• The Warriors aren’t giving head coach Steve Kerr a mandate to play youngsters James Wiseman, Jonathan Kuminga, and Moses Moody a certain amount next season. “If there are guys playing better, we’ll play those guys,” Myers said (Twitter link via Medina).
  • Wiseman hasn’t experienced any recent setbacks and the plan remains for him to play in either the California Classic or Las Vegas Summer League in July, Myers said today (Twitter link via Medina). That plan was reported earlier this month.
  • Neither Myers nor Kerr is certain whether or not Andre Iguodala will retire this summer, tweets Slater. “It’s a really big decision for him,” Kerr said. “If he decides to come back, we’d be thrilled.”

Warriors Notes: Thompson, Wiggins, Curry, GPII

Warriors shooting guard Klay Thompson is trying to focus on the task at hand: winning his fourth NBA title. Three years removed from his torn ACL, and nearly two years removed from his torn Achilles, the five-time Golden State All-Star is prioritizing the present, writes Kendra Andrews of ESPN. The Warriors currently hold a 3-2 advantage against the Celtics in the 2022 NBA Finals, which will resume Thursday.

“I never had such a severe injury, so I didn’t think it was that serious,” Thompson said of the ACL tear. “I thought I might have sprained something in my knee.” Thompson also noted that he generally does not dwell on the injury now: “I just want to frigging win.”

Across 21 games during this postseason run, Thompson is averaging 19.4 PPG on .440/.391/.867 shooting splits, along with 3.9 RPG, 2.3 APG and 1.0 SPG. Though he has not consistently looked like the perimeter defender he was in his prime, he has had standout moments of efficacy on that end while defending Boston guard Jaylen Brown.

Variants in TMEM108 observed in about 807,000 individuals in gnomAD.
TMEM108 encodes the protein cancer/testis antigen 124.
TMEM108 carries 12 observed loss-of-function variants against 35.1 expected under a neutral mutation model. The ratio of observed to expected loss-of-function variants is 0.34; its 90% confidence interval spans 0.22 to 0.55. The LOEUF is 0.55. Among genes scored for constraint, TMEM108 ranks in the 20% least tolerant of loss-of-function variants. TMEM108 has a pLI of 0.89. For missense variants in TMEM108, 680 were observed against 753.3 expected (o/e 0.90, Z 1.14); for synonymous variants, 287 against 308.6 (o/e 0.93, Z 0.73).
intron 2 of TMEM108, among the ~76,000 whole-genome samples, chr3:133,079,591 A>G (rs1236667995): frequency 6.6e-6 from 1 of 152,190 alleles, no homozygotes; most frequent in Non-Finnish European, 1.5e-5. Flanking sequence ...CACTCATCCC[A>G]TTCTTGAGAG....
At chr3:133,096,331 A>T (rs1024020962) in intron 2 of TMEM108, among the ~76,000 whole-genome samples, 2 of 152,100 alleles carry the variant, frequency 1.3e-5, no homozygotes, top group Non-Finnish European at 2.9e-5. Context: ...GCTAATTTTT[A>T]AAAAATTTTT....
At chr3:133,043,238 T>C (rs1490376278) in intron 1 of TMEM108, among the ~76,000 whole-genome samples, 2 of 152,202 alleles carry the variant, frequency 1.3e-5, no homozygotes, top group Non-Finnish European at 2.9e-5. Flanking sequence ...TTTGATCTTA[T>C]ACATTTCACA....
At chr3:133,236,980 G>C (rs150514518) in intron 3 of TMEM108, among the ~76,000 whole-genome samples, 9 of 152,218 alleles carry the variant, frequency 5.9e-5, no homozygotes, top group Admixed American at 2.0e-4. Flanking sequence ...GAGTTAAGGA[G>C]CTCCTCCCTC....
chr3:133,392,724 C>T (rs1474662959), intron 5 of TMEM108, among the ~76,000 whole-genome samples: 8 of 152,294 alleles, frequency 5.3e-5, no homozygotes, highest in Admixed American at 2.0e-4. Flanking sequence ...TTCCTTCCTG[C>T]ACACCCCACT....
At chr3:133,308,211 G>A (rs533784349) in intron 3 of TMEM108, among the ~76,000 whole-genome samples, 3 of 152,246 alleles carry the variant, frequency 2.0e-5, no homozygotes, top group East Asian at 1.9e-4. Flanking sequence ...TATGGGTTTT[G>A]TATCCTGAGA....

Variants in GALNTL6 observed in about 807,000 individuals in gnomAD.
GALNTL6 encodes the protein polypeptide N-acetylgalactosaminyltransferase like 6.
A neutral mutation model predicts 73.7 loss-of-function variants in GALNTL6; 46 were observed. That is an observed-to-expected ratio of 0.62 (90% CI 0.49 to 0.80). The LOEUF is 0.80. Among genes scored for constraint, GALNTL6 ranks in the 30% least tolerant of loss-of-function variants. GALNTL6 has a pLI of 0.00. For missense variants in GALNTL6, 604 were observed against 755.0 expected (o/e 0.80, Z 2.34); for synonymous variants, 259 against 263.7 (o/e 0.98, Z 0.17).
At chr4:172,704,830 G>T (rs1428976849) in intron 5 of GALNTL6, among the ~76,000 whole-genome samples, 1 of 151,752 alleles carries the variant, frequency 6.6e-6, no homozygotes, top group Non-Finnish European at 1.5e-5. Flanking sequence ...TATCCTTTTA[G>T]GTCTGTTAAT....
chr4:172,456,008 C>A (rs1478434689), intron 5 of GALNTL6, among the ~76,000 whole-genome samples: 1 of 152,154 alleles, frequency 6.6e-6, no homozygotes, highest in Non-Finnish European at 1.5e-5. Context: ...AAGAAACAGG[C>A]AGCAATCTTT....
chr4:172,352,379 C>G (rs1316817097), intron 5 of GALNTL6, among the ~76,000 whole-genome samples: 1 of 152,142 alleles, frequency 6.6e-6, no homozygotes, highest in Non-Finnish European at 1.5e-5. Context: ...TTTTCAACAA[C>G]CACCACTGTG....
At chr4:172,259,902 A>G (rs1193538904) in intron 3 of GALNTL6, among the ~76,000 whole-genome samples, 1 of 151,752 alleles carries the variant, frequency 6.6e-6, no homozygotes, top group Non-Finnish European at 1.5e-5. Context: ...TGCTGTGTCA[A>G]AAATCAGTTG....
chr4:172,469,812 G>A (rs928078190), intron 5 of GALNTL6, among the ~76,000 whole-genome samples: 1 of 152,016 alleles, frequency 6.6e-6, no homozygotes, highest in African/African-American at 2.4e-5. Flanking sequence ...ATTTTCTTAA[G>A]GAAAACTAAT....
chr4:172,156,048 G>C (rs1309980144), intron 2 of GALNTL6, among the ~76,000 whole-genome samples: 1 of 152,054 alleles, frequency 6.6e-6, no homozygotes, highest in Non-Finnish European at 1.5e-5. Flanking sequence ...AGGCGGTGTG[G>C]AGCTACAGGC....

There’s more out of Golden State:

  • Following a career night in Game 5, the Warriors are commending the fit of small forward Andrew Wiggins, per Kendra Andrews of ESPN. Wiggins scored 26 points while shooting 12-of-23 from the floor, pulled down 13 boards, and chipped in two assists, two steals and a block in a pivotal 104-94 Game 5 win. “We knew we needed his athleticism and defense and his versatility,” Golden State head coach Steve Kerr raved. “We had no idea that he would make this kind of contribution.” All-Star teammate Draymond Green also focused on how Wiggins, as a big forward with two-way ability and excellent athleticism as a finisher, found a way to slot in with the rest of the roster. “We looked at the trade [to acquire Wiggins in 2020 from the Timberwolves] like that is a guy who can fit next to a healthy group absolutely well,” Green said. “He’s continued to show that. He’s continued to get better. He’s taken on every challenge that we have thrown in front of him.”
  • Tim Kawakami of The Athletic reflects that Wiggins seems to be finally realizing his promise in the biggest possible moment for his club.
  • Warriors All-NBA point guard Stephen Curry had a low-scoring game by his lofty standards during the team’s Game 5 win over the Celtics, though he still was a key element of the offense in drawing plenty of defensive attention away from his teammates. Curry scored 16 points on 7-of-22 shooting form the floor, including a stunning 0-for-9 from deep. This marked the first time in 233 straight contests that he failed to connect from deep. Accordingly, Golden State anticipates that Curry will respond in a big way when the battle is joined again on Thursday for Game 6, per Joe Vardon of The Athletic“He’s going to be livid going into Game 6, and that’s exactly what we need,” Draymond Green said.